As for the band’s new name, they chose something close to home.
“We chose ‘donna’ because we identify with it, living on Donna Way,” Hentges said. “Basing ourselves out of this house where our music has been made and brought to life is important to us.”
As the artists continue to explore their new sound, the blending of their individual musical expression is what helps donna grow.
“Everyone’s collaborating really hard and everyone has their own influences which is why I think it works well because we never really seem to get bored of the songs we’re making,” Leach said. “I think it’s like the diversity of interest and like musical genres that we all have is what makes it interesting for us.”
The new and improved band, debuted by coming together during spring break to record their new album, simply titled “donna”.
The recording and production of the album was done by the band itself. All they needed was an empty living room, mattresses to line the walls for better sound, and their equipment. Although recording the album only took four days, the process consisted of sleepless nights and what seemed to be endless jam sessions.
Making the album was something that resonated with communications junior Kraemer and bassist for donna.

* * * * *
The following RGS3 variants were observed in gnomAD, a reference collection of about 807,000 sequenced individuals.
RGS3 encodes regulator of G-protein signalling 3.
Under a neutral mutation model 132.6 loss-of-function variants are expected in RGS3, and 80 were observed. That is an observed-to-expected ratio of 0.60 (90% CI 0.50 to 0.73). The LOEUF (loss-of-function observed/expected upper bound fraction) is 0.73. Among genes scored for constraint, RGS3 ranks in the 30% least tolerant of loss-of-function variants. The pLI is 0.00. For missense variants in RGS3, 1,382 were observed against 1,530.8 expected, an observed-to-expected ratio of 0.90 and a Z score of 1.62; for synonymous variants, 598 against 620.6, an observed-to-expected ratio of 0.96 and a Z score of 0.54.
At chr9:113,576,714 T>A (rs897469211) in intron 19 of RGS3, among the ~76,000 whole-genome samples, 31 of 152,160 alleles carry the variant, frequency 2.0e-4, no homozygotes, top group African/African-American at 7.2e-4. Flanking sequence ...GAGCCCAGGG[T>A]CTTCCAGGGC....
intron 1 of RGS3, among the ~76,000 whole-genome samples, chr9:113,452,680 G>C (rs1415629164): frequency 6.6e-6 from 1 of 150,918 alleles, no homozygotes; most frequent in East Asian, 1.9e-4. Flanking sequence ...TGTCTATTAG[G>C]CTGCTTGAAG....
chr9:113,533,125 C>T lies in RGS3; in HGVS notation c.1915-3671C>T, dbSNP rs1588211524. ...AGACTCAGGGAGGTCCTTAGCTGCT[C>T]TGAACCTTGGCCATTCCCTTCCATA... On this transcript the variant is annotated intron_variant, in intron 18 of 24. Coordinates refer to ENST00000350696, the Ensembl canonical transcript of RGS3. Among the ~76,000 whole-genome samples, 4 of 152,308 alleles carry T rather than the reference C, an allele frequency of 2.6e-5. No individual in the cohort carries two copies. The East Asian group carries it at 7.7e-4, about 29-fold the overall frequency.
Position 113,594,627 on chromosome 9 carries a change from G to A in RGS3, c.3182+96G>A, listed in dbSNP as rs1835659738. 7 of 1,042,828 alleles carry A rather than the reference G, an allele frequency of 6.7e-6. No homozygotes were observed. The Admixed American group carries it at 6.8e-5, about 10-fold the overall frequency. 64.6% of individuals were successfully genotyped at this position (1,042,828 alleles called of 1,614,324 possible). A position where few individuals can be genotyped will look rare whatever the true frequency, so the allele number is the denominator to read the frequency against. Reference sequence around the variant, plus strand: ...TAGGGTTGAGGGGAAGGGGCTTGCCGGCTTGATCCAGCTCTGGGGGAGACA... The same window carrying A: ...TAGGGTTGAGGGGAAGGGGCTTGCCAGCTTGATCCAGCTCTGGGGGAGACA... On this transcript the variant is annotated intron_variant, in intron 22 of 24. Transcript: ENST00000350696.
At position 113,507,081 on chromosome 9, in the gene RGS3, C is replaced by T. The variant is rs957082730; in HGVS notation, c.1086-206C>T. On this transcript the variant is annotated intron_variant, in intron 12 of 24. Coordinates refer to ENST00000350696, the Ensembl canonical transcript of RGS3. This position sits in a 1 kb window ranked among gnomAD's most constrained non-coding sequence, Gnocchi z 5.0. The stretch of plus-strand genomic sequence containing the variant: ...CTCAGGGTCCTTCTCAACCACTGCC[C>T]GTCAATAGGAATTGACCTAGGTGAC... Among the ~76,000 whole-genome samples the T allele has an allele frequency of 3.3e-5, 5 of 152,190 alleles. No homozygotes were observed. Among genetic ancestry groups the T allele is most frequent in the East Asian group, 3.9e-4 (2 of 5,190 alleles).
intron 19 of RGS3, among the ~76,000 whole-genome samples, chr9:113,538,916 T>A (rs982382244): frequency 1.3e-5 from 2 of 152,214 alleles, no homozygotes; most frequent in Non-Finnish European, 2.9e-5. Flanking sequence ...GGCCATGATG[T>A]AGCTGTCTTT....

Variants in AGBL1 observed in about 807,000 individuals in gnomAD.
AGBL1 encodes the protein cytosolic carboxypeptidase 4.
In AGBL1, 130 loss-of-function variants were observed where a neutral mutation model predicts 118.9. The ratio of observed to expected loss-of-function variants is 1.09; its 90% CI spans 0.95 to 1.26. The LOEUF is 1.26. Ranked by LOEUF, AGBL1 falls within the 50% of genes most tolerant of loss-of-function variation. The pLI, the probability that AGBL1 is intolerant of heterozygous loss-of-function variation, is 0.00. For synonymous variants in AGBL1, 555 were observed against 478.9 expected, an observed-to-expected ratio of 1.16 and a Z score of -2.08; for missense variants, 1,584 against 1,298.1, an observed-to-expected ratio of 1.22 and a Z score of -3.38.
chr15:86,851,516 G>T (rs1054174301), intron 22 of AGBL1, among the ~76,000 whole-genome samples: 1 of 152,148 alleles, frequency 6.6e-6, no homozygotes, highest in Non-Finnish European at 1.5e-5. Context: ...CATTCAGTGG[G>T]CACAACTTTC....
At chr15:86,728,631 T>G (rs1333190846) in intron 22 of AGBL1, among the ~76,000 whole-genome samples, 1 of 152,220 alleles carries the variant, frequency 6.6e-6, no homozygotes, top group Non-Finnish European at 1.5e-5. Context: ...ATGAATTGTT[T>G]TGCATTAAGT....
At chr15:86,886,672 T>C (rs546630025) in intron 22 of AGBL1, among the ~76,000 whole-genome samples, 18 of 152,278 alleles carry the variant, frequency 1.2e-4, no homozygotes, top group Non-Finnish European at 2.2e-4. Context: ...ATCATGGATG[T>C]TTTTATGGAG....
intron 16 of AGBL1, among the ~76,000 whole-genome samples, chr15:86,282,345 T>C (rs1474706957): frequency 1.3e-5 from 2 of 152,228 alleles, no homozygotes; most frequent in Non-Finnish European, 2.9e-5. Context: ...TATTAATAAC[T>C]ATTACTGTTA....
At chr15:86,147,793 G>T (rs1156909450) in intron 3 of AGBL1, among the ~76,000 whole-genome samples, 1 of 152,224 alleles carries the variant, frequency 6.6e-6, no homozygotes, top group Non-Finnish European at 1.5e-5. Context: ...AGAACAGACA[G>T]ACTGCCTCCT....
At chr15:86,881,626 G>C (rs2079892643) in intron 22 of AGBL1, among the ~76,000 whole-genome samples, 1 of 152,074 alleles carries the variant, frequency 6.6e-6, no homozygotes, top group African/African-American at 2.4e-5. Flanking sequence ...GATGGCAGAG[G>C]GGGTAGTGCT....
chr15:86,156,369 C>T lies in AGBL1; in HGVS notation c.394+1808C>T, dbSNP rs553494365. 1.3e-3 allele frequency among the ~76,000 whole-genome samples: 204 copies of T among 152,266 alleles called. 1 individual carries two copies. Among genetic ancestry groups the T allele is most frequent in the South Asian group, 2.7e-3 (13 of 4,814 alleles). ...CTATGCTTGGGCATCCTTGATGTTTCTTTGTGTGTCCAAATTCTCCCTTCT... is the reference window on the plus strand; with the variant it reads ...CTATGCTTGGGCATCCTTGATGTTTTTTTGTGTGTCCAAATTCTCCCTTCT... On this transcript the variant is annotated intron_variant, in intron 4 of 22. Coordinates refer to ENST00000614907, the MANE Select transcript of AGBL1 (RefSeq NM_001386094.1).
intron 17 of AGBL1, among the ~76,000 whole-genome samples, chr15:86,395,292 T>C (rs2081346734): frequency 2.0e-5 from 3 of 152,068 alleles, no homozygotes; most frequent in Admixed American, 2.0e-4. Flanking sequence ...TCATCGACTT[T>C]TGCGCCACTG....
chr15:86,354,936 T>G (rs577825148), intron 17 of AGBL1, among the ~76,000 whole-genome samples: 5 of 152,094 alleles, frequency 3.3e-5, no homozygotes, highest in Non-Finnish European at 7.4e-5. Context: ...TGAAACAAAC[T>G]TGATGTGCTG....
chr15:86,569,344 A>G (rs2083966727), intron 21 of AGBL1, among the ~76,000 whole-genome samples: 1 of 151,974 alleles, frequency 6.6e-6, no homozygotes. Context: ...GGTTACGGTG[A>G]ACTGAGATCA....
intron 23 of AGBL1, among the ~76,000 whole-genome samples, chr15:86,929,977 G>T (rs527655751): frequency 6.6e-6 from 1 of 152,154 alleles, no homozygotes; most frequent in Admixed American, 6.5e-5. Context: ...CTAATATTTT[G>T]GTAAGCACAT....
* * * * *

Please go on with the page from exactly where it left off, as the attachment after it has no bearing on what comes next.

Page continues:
“Making the album was super cool,” Kraemer said. “Getting like super delirious and tired and only working on one thing with the same people for like 80 hours total in a room with everyone was pretty wild.”
The band members recognized the amount of work that took place post-recording, as vocalist and guitarist Segel also took on the role of donna’s producer during the making of this album.
“Getting to produce and mix the album has been a super fun and creative endeavor for me, audio engineering is a big passion of mine and being able to indulge that passion on a project that is our own music has been very fun and I can’t wait for everyone to hear it,” Segel said.
Although the full album is scheduled to release soon, donna recently debuted their first single, “Sleepy.”
During their time together as a college band, the muscians have experienced countless moments together that have solidified their musical passion and their friendship. One of their fondest memories occurred last year, when they performed at a sold-out venue in Eugene, Oregon.
According to Kraemer, this performance had a lot more energy than their usual gigs.
“You kind of feed off that [energy],” Kraemer said. “Normally we play at SLO WWDo Co, so having three stage divers was a pretty milestone moment.”
According to environmental engineering sophomore Sallstrom, the weekend trip allowed the band to connect better and experience a bigger crowd. However, Sallstrom believes that the day- to-day occurrences that the band experiences together are the most memorable.
“I think fondest memories is just like, very mellow times when you just like jam and almost explore music, explore our own sounds, ‘cause we’re all figuring it out.”
Similarly, the rest of the band members are grateful for the opportunity to express themselves musically alongside their best friends.
“Playing music is fun on its own but when it’s like, with your best friends, there’s nothing better,” Leach said.